“What do you want to be when you grow up?” It’s one of those ubiquitous questions you probably remember hearing all the time as a kid, from teachers, family members, and friends, and it embodies a way of thinking, which developed over the last century, that kids ought to be in control of their own employment destiny.
Gone, for the most part, are the days when a kid simply took over the family business. What that means is that, in order to get youth excited about a career in business, it needs to be accessible, exciting, open to new ideas and bolstered by the right kind of education.
Promote Mentorship Programs
Mentorship programs are perhaps the best way for youth to get excited about any career. In the entertainment industry, for instance, there is a burgeoning mentorship program that works with youth from underserved communities, and it has had a marked impact on creating a new generation of storytellers and technical wizards – you should check this out if you haven’t already.
It worked and continues to work because it is interactive and allows youth to experience what the job would actually feel like, in a real-world setting. Left to their imaginations, a business might appear boring, but mentorship can prove that there are many exciting prospects and challenges in a variety of roles.
Leave Room for Passion and Imagination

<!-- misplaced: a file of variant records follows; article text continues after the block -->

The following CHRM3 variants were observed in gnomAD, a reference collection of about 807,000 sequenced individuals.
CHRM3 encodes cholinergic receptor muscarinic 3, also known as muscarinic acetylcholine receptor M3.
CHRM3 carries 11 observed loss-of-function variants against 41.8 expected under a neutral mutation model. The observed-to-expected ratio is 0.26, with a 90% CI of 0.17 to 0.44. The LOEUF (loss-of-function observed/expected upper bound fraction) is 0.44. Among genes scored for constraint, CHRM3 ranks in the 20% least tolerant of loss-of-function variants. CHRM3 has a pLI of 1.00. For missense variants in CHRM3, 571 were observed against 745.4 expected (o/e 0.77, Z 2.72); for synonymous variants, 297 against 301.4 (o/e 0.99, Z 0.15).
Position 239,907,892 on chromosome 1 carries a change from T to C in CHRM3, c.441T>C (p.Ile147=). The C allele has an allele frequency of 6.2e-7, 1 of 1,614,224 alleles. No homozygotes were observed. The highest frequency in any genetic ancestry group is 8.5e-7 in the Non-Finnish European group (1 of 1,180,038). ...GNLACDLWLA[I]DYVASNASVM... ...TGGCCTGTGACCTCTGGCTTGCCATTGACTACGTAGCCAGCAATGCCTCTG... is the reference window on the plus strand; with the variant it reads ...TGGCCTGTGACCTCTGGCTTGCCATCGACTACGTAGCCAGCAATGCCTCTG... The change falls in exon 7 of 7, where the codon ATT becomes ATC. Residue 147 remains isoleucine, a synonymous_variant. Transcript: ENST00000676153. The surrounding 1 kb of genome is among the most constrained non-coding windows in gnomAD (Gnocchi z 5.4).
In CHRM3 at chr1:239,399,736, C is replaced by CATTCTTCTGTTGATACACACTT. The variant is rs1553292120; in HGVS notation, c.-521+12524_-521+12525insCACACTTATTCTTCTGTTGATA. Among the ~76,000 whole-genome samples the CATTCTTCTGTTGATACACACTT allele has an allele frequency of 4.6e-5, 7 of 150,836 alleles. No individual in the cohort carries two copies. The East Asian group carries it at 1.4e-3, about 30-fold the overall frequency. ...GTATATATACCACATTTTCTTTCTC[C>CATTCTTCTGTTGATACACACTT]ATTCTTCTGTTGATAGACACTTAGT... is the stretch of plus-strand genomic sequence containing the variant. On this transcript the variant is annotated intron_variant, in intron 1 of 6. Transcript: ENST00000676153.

Business used to have a reputation for being a dusty, homogenous thing – you wore big boxy suits and sold whatever needed to be sold. But that has changed markedly in the first decades of the 21st Century.
If you are interested, for instance, in gaming (as so many youths are!) there are a thousand types of apps, companies, design firms, etc. that you could run or sell to. If you are into sports, you could run a sporting business. If you are interested in fashion, you could run a fashion business… You get the idea. Being in business doesn’t need to replace a passion; it can accommodate a passion.
Let Them Try (and Possibly Fail)
A part of getting youth interested in business, as mentioned above, is mentorship. And part of that mentorship needs to include handing over real responsibilities and decision making to your protégé. When someone feels like an active part of a job, rather than an outside observer, they become more attached, more invested.
They may fail. And if that’s the case you need to constructively explain where they went wrong and how it can be improved in the future. This is the “beta testing” (to use some tech parlance) all good business people go through when they start out and having a safe place to fail and learn can hasten the process and strengthen the learner.
A business might not be the first career a young person thinks about, but with the right mentorship, openness, and trust, it may be the most compelling one.